Convenience foods like soft drinks, cookies, lollies, cakes are high in sugar contents. So, arm yourself with the knowledge of where these sugars are hiding.

CAM00417

Too much sugar will lead to obesity!

Common Foods Sugar in grams Sugar Packets 5 g
BBQ sauce 13 g Approx 3 packets
Fruit yogurt 19 g Approx 5 packets
Soda 8 oz 29 g Approx 7 packets
10 Gummy worms 44g Approx11 packets
Granola bars 12 g Approx 3 packets
Energy drinks 83 g Approx16 packets

World Health Organisation recommends 5% of your daily calorie from added sugar. That is 25 g of sugar for an average 2000 calorie meal plan. 

American Heart Association recommends for:

An adult women 5 teaspoons (20 g sugar)

An adult Men 9  teaspoons (36 g sugar)

Children 3 teaspoons (12 g sugar)

It is best to save sweets and desserts for special occasions. To satisfy a sugar craving, choose fresh fruits or fruit salad.

CAM00156 IMG_6160 (2)

Eating too much salt speeds up the aging process!

Crisps & chips, pizza, pickle, sauces, sausages, smoked fish, salted nuts, some breakfast cereals are the major culprits of high sodium.

I am sure, you are already aware of sodium that raise the blood pressure, which leads to heart attacks and strokes. But a scientist, recently, have linked high sodium to cellular ageing!  Yes, Scientist Dr Haidong Zhu, Georgia Regents University, said that even in young people the high sodium intake and obesity may act synergistically to accelerate cellular ageing!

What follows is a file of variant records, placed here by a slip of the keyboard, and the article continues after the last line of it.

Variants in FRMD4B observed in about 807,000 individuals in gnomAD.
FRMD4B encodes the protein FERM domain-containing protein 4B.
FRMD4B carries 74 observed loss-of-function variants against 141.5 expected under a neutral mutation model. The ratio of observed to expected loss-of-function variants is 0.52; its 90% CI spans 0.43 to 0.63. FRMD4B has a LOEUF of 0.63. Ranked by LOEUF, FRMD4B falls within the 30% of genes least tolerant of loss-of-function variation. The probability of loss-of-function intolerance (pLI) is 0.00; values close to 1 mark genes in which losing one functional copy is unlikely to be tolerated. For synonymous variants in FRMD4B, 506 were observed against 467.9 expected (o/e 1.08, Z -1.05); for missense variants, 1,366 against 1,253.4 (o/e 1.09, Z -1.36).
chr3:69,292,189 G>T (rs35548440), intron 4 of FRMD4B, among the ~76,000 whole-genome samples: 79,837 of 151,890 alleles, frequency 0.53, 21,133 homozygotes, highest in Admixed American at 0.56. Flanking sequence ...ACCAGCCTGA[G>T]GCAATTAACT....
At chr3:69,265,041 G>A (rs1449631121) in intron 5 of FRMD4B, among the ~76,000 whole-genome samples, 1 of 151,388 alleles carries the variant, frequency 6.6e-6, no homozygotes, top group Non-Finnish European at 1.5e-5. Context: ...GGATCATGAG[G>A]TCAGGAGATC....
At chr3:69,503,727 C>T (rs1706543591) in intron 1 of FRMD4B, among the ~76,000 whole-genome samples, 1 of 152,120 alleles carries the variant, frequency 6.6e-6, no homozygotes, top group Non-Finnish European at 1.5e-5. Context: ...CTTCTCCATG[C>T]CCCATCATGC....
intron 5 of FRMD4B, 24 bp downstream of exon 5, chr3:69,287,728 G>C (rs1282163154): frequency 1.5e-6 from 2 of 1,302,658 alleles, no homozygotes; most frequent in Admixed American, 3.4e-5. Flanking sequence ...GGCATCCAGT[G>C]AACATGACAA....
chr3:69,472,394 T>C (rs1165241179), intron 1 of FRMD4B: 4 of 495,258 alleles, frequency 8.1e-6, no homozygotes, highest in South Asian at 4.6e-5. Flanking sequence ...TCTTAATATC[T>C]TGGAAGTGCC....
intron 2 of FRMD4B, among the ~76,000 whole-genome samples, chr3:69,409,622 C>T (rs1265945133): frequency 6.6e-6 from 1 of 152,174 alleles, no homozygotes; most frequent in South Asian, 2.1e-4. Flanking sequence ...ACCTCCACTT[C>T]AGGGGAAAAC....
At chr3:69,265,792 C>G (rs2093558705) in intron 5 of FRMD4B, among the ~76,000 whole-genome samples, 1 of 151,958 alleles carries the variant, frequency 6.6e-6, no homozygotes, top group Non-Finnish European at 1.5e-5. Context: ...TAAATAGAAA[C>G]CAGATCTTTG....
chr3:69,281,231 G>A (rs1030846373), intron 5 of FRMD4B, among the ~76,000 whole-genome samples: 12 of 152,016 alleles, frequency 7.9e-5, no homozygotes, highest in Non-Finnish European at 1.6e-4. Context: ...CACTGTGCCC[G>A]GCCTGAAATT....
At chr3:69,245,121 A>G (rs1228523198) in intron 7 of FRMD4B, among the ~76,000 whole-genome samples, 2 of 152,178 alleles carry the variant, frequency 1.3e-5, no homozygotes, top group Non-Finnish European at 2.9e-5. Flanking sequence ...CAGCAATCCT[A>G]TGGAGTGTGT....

Teenagers, often opt for convenience foods, high in sodium. People who eat high – sodium food tend to be heavier than those who eat less salt.

Children, preferring salty foods is a learned taste from parents. Children will not prefer salt in first place, if adults could control their sodium intake. Lowering the salt intake will reduce the risk of developing heart and renal disease.

1 teaspoon of salt (6 g) = 2,300 mg of sodium

IMG_6170 (2)

For an average healthy adult, American Heart Association recommends;      1,500 mg of sodium or less than 3/4th teaspoon of salt per day.

According to Food Standard Agency UK, for children, daily average maximum salt intake is:

Age 11-14 yrs, need 2300 mg sodium ( 6 g salt) per day

Age 7-10 yrs, need 2000 mg sodium (5 g salt) per day

Age 4-6 yrs, need 1200mg sodium (3g salt) per day

Age 1-3 yrs, need 800mg sodium (2 g salt) per day

Infants under 1 year should not be given salt because their kidneys are not matured

Common foods Sodium
Ketchup 1tbsp 190 mg
Cheese Krafts singles – 1 slice 200mg
Caesar dressing 2 tbsp 380mg
Ramen noodle soup 790mg
French fries 1 regular serving 200 mg
MSG 1 tsp 615 mg

It is obvious that prepacked foods are camouflaged by salt and sugar

IMG_8761

Read food labels, before purchasing the food and add less salt & sugar, while cooking.

Choose fresh / natural ingredients over processed foods.

Turn watching television into a cardio workout. Yes… you can always enjoy your stationary bicycle while watching TV!

References